After an injury-hit first year at Championship-level, this season has provided a truer indication of what Michael Rose is capable of in a higher division. Part of the rotation of the four senior centre-backs the club has, Rose has had a handful of stand-out appearances this year where he has threatened to emerge as the best in the position Coventry City currently have. However, a tendency to switch-off every few games or so has meant that Rose hasn’t established himself as the automatic first-choice centre-back for this team that he probably has the talent to be.
Compared to the other centre-backs that Coventry City have, Michael Rose’s strongest asset is his passing. That ability to step forward out of defence and play the ball 30 yards up the pitch helps the team stretch opponents, but that skill of Rose’s hasn’t quite been used to its full potential. As a defender, Rose has shown that he can be a solid presence but has rarely completely dominated opponents. When allied with that tendency to lose concentration, Rose has yet to earn the trust from his manager to start a long run of games at this level when everyone has been fit at centre-back.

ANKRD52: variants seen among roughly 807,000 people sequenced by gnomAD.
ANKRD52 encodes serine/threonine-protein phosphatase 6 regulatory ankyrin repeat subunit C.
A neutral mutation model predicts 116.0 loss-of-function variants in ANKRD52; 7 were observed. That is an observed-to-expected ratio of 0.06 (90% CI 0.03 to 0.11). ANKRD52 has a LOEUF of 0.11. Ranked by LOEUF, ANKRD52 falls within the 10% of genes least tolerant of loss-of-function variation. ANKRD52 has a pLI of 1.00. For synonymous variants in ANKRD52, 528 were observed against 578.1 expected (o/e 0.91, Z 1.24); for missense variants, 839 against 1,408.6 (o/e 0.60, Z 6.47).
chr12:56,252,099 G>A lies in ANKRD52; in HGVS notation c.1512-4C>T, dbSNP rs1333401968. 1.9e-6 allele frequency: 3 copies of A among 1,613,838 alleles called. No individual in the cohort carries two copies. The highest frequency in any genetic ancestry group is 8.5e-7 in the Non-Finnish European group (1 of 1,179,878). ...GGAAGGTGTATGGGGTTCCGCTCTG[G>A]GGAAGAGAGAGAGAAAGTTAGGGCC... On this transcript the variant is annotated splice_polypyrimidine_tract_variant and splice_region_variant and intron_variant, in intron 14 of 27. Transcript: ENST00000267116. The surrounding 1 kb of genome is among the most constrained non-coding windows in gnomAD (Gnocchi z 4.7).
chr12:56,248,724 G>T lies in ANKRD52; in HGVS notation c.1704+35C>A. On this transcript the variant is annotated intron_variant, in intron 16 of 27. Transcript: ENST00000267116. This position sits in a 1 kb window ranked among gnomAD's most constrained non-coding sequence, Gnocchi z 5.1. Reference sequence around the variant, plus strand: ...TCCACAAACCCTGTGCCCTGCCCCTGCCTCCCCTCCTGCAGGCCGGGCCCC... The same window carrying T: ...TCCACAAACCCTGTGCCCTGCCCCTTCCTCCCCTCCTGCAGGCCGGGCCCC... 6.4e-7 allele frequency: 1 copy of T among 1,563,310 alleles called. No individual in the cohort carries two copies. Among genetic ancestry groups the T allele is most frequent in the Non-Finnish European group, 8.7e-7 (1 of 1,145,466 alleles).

While he has his weaknesses, Michael Rose is more than adequate for Coventry City’s needs. There remains the potential for Rose to iron out the deficiencies in his game and become a stand-out player in his position. Maybe that would come if Mark Robins entrusted him with longer runs in the team than he has had over the past two years. However, with competition for places at centre-back likely to remain strong, if not stronger, next year, it will be up to Michael Rose to make himself undroppable for Coventry City.